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Teacher-student relationships differ from those between therapist and patient because of the collegiality considered important for the student’s development.
Such relationships include those between teacher and student, especially those involving research or clinical supervision.
Over 95 percent of all the respondents considered such relationships to be ethically inappropriate, coercive or exploitive, or potentially harmful to the working relationship.
In a study of 235 male faculty members from all departments of “a prestigious research-oriented university,” Fitzgerald et al.10 found that 26 percent reported sexual involvement with women students.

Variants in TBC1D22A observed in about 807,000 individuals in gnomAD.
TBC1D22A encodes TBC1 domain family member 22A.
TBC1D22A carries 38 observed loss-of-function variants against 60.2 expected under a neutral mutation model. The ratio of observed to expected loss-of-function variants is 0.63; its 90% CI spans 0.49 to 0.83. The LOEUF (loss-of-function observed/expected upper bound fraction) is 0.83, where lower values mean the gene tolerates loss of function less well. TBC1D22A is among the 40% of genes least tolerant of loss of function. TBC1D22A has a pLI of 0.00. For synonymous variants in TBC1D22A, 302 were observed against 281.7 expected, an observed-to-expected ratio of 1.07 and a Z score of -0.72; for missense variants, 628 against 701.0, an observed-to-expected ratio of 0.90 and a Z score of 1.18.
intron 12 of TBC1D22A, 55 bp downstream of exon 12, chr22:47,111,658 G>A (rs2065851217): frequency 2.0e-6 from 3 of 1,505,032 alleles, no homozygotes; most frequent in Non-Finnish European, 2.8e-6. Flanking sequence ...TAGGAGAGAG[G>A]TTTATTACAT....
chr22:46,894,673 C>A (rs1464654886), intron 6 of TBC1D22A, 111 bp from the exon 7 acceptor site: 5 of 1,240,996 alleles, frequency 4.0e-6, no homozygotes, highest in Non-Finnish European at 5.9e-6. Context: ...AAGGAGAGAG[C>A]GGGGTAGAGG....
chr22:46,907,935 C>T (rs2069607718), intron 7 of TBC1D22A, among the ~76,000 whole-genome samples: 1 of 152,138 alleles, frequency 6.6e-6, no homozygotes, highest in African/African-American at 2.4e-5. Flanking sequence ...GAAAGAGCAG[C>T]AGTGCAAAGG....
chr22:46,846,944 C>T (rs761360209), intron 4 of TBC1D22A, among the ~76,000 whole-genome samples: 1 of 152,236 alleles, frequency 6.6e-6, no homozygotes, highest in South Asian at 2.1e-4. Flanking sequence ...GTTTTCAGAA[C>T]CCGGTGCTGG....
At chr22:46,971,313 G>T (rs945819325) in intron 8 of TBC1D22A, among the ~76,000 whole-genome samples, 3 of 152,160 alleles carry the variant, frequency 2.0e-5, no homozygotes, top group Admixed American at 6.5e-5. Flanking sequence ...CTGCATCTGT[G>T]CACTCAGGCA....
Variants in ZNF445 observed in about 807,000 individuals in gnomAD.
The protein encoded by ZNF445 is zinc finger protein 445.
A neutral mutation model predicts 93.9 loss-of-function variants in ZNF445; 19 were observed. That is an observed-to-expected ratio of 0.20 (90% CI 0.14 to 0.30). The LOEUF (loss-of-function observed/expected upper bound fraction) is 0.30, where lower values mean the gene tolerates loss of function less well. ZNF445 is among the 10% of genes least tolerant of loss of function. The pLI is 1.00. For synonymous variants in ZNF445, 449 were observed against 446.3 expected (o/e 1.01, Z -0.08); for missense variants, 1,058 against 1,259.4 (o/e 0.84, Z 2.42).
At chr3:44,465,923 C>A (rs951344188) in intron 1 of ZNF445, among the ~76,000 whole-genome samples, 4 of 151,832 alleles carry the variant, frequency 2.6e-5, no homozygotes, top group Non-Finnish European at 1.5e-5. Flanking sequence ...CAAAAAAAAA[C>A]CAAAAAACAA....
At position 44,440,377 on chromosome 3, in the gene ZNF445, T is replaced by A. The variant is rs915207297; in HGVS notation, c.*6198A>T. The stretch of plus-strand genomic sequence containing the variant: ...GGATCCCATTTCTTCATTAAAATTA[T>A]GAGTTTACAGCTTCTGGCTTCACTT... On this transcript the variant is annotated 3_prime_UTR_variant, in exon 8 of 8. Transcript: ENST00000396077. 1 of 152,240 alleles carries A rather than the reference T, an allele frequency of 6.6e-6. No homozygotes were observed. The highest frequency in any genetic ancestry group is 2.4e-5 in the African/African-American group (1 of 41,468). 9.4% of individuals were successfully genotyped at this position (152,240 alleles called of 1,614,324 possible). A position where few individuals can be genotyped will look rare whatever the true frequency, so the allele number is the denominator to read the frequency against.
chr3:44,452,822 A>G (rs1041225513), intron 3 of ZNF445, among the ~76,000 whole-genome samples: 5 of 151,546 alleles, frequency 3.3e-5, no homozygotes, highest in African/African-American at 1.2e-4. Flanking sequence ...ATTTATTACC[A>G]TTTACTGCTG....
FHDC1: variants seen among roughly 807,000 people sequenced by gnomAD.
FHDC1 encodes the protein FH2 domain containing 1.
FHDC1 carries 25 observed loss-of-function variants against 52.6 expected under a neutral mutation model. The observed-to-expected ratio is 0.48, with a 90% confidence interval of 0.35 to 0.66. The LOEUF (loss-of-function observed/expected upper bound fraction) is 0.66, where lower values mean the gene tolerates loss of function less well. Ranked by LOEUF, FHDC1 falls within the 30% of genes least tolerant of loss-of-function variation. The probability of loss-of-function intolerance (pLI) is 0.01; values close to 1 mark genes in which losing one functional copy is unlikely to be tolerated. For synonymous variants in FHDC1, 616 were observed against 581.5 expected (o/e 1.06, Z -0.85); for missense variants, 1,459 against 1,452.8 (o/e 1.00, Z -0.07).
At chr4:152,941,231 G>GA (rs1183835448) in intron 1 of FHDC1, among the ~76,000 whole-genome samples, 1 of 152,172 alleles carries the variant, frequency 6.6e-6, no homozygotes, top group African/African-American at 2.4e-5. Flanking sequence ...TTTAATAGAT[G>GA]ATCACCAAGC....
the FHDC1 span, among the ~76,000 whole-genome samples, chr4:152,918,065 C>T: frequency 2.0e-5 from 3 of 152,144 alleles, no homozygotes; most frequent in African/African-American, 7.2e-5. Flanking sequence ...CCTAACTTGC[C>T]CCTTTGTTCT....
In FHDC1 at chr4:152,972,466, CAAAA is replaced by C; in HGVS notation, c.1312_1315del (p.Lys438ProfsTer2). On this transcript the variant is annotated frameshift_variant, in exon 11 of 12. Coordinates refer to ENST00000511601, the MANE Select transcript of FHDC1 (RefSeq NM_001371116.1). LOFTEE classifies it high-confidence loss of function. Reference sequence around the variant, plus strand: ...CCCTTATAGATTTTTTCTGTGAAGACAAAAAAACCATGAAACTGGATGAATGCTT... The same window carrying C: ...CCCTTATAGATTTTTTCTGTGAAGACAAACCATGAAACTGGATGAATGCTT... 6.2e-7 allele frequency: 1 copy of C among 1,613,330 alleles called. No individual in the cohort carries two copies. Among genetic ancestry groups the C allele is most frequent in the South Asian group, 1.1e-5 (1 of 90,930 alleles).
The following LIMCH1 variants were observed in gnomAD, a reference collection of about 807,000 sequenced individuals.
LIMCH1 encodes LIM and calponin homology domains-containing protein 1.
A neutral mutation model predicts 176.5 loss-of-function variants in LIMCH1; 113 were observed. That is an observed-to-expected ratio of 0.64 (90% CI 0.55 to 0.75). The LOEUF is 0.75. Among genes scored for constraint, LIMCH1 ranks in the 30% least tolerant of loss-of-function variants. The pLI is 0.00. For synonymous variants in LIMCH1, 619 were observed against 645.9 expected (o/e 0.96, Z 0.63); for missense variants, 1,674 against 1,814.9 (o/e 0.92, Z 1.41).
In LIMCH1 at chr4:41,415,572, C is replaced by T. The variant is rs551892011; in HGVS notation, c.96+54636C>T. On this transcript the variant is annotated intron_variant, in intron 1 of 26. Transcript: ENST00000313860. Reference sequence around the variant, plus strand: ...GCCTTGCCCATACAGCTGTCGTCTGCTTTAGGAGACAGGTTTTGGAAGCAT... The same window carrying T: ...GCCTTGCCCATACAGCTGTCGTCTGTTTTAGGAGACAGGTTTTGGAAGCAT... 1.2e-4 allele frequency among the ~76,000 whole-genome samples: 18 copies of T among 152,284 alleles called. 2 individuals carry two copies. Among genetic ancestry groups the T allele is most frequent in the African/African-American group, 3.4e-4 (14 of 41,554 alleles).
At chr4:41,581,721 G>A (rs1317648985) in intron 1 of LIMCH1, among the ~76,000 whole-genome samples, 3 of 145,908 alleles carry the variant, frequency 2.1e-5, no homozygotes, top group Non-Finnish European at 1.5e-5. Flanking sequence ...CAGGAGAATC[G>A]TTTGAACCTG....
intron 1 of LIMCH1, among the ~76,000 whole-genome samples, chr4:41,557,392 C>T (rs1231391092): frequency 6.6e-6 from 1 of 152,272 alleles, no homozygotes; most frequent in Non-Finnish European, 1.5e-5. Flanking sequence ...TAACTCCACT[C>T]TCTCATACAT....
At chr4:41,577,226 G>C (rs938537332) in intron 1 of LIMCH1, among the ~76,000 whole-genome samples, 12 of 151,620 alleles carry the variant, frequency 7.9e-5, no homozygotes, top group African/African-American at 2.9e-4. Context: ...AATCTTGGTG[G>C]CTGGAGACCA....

In a healthy mentoring relationship, the student is encouraged and expected to be candid in responding to the teacher’s ideas, methods, or words.
A unique aspect of the mentoring relationship among professional relationships is that the student is, at the same time, both student and colleague.
Feelings of admiration and respect may become intense and personal.
When those feelings do occur, what do we do with them?
What can we do, as individuals, as professions, and as institutions to help ensure that appropriate student-teacher boundaries are maintained?
This paper will explore these questions in light of recent concerns expressed about boundaries between professionals and clients,2-7 sexual harassment in the academic setting,8,9 and recent data suggesting a high frequency of sexual interaction between graduate students and teachers.10-12 In early Greek and Roman times, sexual relationships between youth and their mentors were often considered to be a normal extension of a close male bonding, both in the study of philosophy and in the training of warriors.